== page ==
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Far-Right Protest Athens' Mosque

Published: 15/12/2013 04:47:57 PM GMT
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ATHENS- A day after Greek government has confirmed that Athens' first official mosque will go ahead as planned, Greece's far-right activists have protested the idea once again, vowing to end Muslim dreams. This very moment, Golden Dawn with this massive and dynamic demonstration expresses the great, pan-Hellenic demand, said Ilias Kasidiar...(more)

ATHENS- A day after Greek government has confirmed that Athens' first official mosque will go ahead as planned, Greece's far-right activists have protested the idea once again, vowing to end Muslim dreams.

"This very moment, Golden Dawn with this massive and dynamic demonstration expresses the great, pan-Hellenic demand," said Ilias Kasidiaris, Golden Dawn party's spokesman and lawmaker, while addressing the party's protesters, New Tang Dynasty TV reported on Saturday, December 14.

"Not one illegal mosque in the Greek territory."

Athens Far-fetched Mosque Dream

Neo-Nazis to Slaughter Greece Muslims

Some of 700 members and backers of Greek neo-Nazi Golden Dawn party have gathered in the Eleonas neighborhood, in central Athens, the location of Athens' first mosque, to protest the mosque plans.

Chanting 'Greece belongs to Greeks… Victory or death' and 'No mosques in Athens', protesters in black have raised banners with anti-mosques slogans along with the Greek flag.

The protest is not the first against Athens first mosque.

Last November, Golden Dawn MPs asked for a national vote on the plans to construct the Muslims’ only worshipping house.

The calls came less than two weeks after ‘J&P Avax, Terna, Aktor, Intrakat’ consortium won a tender to build the long-stalled construction of a state-funded mosque in Athens.

Greek Muslims have long called for building a grand mosque to accommodate the religious needs of the growing Muslim minority in the capital Athens.

Athens has come under fire by human rights groups such as Amnesty International for being one of the few European capitals without a mosque.

Repeated plans for a mosque in Athens began decades ago. The plan has angered far-right groups, which vowed to block the building of the mosque.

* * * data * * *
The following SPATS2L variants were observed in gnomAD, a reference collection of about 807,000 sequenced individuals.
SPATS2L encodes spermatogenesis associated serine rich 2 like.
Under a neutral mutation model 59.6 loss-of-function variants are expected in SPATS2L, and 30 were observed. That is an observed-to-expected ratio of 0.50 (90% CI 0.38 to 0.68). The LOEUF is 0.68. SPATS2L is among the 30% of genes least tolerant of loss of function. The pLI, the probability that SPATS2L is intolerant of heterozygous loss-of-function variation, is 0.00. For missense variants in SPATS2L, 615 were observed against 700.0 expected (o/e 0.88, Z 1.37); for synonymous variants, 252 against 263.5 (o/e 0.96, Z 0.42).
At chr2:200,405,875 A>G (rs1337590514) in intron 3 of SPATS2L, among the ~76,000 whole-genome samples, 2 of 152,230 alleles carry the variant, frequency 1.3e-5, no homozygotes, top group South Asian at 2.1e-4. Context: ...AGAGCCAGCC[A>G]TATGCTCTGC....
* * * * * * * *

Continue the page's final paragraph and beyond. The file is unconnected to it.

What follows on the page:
Despite objections from its powerful Orthodox Church, Greece had pledged to build a mosque in Athens to serve the city's growing Muslim minority.

The far-right Golden Dawn party, which is suspected of attacks against immigrants, said it will "fight until the bitter end" to block the mosque plan.

On Saturday's march, protesters have shouted slogans against Kemal Ataturk, the founder of the modern Turkey.

Earlier media reports said that Turkish Prime Minister Tayyip Erdogan offered to fund a mosque in Athens have also sparked anger in Greece, which spend four centuries under Turkish Ottoman rule.

Go Ahead

Despite ongoing objection from the neo-Nazi party and he Orthodox Church in Athens, Greece has pledged to build the mosque in Athens to serve the city's growing Muslim minority.

"Athens is to have a mosque for all Muslims who want to carry out their religious obligations with dignity whether they live in Athens or they are visiting Athens, as we are very happy when our citizens visit Turkey, or other countries, and they find Greek Orthodox churches open in the centre of the city," Greek Deputy Prime Minister and Foreign Minister, Evangelos Venizelos said.

Venizelos's confirmation came after a meeting Ahmet Davutoglu, the Turkish Foreign Minister, who was in Athens on an official visit last Friday.

Lauding the mosque's plans, Davutoglu said: "I think as time goes by it is suitable for Athens to show its multiculturalism and I think that the Greek government has contributed in creating this climate."

Repeated plans for a mosque in Athens began in earnest in 1880, with an act of parliament, but all fell through, including one timed for the 2004 Olympic Games.

The plan has angered far-right groups, which vowed to block the building of the mosque.

Decked with minarets two centuries ago, Athens has not had a functioning mosque since the end of Ottoman rule in the early 1800s.

About 130 windowless, airless basements or warehouses in Athens currently serve as makeshift mosques for an estimated 200,000 Muslims in the Greek capital.

The Orthodox Church has for years insisted that Greeks were not ready to see a minaret in downtown Athens.

Reproduced with permission from OnIslam.net - Read full article here

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